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The role of prenatal, perinatal and postnatal factors in the explanation of socioeconomic inequalities in preschool asthma symptoms: the Generation R Study
  1. Esther Hafkamp-de Groen1,2,
  2. Lenie van Rossem1,2,
  3. Johan C de Jongste3,
  4. Ashna D Mohangoo1,2,4,
  5. Henriëtte A Moll3,
  6. Vincent W V Jaddoe1,3,5,
  7. Albert Hofman5,
  8. Johan P Mackenbach2,
  9. Hein Raat2
  1. 1The Generation R Study Group, Erasmus MC, Rotterdam, The Netherlands
  2. 2Department of Public Health, Erasmus MC, Rotterdam, The Netherlands
  3. 3Department of Paediatrics, Erasmus MC-Sophia Children's Hospital, Rotterdam, The Netherlands
  4. 4TNO, Netherlands Organisation for Applied Scientific Research, Department Child Health, Leiden, The Netherlands
  5. 5Department of Epidemiology, Erasmus MC, Rotterdam, The Netherlands
  1. Correspondence to Esther Hafkamp-de Groen, Public Health/Generation R Study, Erasmus Medical Center, PO Box 2040 (Room Ae−003), Rotterdam 3000 CA, The Netherlands; e.hafkamp{at}erasmusmc.nl

Abstract

Background The authors assessed whether socioeconomic inequalities in asthma symptoms were already present in preschool children and to what extent prenatal, perinatal and postnatal risk factors for asthma symptoms mediate the effect of socioeconomic status (SES).

Methods The study included 3136 Dutch children participating in the Generation R Study, a prospective cohort study. Adjusted ORs of asthma symptoms for low and middle SES (household income and maternal education) compared to high SES were calculated after adjustment for potential confounders and also adjusted for prenatal, perinatal and postnatal mediators at preschool age.

Results At age 1 year, low-SES children had a 40% lower risk of asthma symptoms compared to high-SES children (p<0.01). However, the risk of asthma symptoms in 3- and 4-year-old low-SES children was 1.5 times higher compared to their high-SES age mates (p<0.05). The positive associations at age 1 year were particularly modified by postnatal factors (up to 38%). In toddlers, prenatal factors explained up to 58% of the negative associations between SES and asthma symptoms.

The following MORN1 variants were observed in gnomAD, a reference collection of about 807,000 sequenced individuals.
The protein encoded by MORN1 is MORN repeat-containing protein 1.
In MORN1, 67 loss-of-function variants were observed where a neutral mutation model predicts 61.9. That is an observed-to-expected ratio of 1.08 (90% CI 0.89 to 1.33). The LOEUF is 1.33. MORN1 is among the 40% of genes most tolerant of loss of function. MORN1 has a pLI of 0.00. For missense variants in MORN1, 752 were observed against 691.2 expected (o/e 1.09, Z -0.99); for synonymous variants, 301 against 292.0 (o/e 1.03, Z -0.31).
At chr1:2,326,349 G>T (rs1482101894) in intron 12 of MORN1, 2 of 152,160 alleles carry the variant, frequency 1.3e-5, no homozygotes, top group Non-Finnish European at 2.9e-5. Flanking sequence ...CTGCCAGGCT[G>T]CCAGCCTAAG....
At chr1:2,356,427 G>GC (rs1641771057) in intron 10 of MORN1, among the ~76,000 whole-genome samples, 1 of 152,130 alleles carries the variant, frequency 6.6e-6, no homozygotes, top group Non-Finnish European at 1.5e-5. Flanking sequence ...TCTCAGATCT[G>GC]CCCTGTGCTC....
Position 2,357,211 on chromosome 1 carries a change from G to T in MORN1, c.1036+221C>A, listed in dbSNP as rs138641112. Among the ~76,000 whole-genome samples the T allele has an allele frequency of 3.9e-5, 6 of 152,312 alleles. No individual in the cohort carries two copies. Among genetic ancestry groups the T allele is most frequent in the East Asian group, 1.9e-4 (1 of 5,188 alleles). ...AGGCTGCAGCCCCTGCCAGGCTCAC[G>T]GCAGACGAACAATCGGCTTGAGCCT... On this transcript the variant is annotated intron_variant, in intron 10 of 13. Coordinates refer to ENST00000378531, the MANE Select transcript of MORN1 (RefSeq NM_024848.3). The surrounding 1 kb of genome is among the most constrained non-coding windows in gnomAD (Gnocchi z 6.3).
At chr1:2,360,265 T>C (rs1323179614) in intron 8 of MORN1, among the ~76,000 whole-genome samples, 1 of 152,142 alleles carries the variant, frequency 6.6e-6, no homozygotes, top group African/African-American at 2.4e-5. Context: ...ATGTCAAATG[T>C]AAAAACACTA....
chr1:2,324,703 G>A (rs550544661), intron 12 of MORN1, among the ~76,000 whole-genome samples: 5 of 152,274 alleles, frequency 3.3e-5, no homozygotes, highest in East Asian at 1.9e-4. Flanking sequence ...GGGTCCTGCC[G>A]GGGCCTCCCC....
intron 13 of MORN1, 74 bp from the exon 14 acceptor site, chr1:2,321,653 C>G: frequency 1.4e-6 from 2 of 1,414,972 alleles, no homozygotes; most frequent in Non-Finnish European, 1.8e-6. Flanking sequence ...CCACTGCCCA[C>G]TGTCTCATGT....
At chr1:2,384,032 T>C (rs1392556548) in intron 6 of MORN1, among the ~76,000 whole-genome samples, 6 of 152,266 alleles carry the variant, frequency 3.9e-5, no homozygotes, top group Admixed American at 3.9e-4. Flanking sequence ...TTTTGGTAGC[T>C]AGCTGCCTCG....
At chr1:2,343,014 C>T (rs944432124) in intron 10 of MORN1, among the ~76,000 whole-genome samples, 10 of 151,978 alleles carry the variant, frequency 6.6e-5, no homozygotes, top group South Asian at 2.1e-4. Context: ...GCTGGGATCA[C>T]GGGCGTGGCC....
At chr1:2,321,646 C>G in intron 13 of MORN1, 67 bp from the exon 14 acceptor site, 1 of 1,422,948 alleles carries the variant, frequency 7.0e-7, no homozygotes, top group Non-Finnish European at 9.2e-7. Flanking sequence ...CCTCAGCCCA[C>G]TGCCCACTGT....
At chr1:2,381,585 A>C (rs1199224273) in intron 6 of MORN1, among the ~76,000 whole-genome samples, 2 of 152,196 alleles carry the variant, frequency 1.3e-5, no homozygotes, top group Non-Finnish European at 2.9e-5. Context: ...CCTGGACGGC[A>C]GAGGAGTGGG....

Conclusions SES indirectly affects asthma symptoms at preschool age. The inverse association between SES and asthma symptoms emerges at age 3 years. This is particularly due to a high level of adverse prenatal circumstances in low-SES toddlers. Future research should evaluate public health programs (during pregnancy) to reduce socioeconomic inequalities in childhood asthma.

  • Asthma
  • child health
  • preventive medicine
  • social inequalities
  • birth defects
  • infant mortality
  • perinatal epidemiology
  • public health
  • social epidemiology
  • health expectancy
  • asthma symptoms
  • maternal educational level
  • household income
  • preschool children
  • socioeconomic status

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Footnotes

  • Funding The first phase of the Generation R Study was funded by Erasmus Medical Centre and Erasmus University Rotterdam and the Netherlands Organization for Health Research and Development (ZonMw). The present study was supported by an additional grant from ZonMw (grant number 22000128).

  • Competing interests None.

  • Patient consent Obtained.

  • Ethics approval The Medical Ethics Committee of the Erasmus Medical Center, Rotterdam, approved the study.

  • Provenance and peer review Not commissioned; externally peer reviewed.

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